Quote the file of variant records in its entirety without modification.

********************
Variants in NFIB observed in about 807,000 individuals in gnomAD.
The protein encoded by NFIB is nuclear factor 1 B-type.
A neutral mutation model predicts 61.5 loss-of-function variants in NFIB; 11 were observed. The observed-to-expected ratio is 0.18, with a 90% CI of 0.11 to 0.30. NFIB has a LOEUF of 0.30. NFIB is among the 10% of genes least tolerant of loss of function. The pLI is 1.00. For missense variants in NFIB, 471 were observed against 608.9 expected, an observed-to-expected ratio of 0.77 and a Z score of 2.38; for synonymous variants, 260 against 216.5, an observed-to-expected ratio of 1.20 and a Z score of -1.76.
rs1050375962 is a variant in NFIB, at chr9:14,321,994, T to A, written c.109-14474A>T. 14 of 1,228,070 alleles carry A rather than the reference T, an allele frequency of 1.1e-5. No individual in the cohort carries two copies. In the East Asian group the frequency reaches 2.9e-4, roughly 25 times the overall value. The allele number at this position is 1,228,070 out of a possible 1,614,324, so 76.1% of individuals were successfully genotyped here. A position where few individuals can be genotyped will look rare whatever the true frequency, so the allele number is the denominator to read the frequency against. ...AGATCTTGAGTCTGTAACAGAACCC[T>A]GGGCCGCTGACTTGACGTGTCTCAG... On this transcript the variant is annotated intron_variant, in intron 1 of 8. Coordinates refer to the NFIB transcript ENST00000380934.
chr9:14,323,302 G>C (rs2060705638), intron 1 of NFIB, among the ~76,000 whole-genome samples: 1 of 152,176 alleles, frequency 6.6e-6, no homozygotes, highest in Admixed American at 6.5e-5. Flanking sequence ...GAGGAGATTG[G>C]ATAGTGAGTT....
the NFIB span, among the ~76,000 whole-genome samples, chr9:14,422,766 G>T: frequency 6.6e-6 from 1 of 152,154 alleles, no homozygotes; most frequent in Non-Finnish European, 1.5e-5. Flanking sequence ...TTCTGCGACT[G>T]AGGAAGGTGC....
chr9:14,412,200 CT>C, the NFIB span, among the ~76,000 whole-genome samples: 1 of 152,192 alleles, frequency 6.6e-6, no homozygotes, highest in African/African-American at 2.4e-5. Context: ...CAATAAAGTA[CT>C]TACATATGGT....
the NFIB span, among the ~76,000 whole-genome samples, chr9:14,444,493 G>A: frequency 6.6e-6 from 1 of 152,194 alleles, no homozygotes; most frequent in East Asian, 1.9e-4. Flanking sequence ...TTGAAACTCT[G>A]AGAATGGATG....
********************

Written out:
Variants in NFIB observed in about 807,000 individuals in gnomAD.
The protein encoded by NFIB is nuclear factor 1 B-type.
A neutral mutation model predicts 61.5 loss-of-function variants in NFIB; 11 were observed. The observed-to-expected ratio is 0.18, with a 90% CI of 0.11 to 0.30. NFIB has a LOEUF of 0.30. NFIB is among the 10% of genes least tolerant of loss of function. The pLI is 1.00. For missense variants in NFIB, 471 were observed against 608.9 expected, an observed-to-expected ratio of 0.77 and a Z score of 2.38; for synonymous variants, 260 against 216.5, an observed-to-expected ratio of 1.20 and a Z score of -1.76.
rs1050375962 is a variant in NFIB, at chr9:14,321,994, T to A, written c.109-14474A>T. 14 of 1,228,070 alleles carry A rather than the reference T, an allele frequency of 1.1e-5. No individual in the cohort carries two copies. In the East Asian group the frequency reaches 2.9e-4, roughly 25 times the overall value. The allele number at this position is 1,228,070 out of a possible 1,614,324, so 76.1% of individuals were successfully genotyped here. A position where few individuals can be genotyped will look rare whatever the true frequency, so the allele number is the denominator to read the frequency against. ...AGATCTTGAGTCTGTAACAGAACCC[T>A]GGGCCGCTGACTTGACGTGTCTCAG... On this transcript the variant is annotated intron_variant, in intron 1 of 8. Coordinates refer to the NFIB transcript ENST00000380934.
chr9:14,323,302 G>C (rs2060705638), intron 1 of NFIB, among the ~76,000 whole-genome samples: 1 of 152,176 alleles, frequency 6.6e-6, no homozygotes, highest in Admixed American at 6.5e-5. Flanking sequence ...GAGGAGATTG[G>C]ATAGTGAGTT....
the NFIB span, among the ~76,000 whole-genome samples, chr9:14,422,766 G>T: frequency 6.6e-6 from 1 of 152,154 alleles, no homozygotes; most frequent in Non-Finnish European, 1.5e-5. Flanking sequence ...TTCTGCGACT[G>T]AGGAAGGTGC....
chr9:14,412,200 CT>C, the NFIB span, among the ~76,000 whole-genome samples: 1 of 152,192 alleles, frequency 6.6e-6, no homozygotes, highest in African/African-American at 2.4e-5. Context: ...CAATAAAGTA[CT>C]TACATATGGT....
the NFIB span, among the ~76,000 whole-genome samples, chr9:14,444,493 G>A: frequency 6.6e-6 from 1 of 152,194 alleles, no homozygotes; most frequent in East Asian, 1.9e-4. Flanking sequence ...TTGAAACTCT[G>A]AGAATGGATG....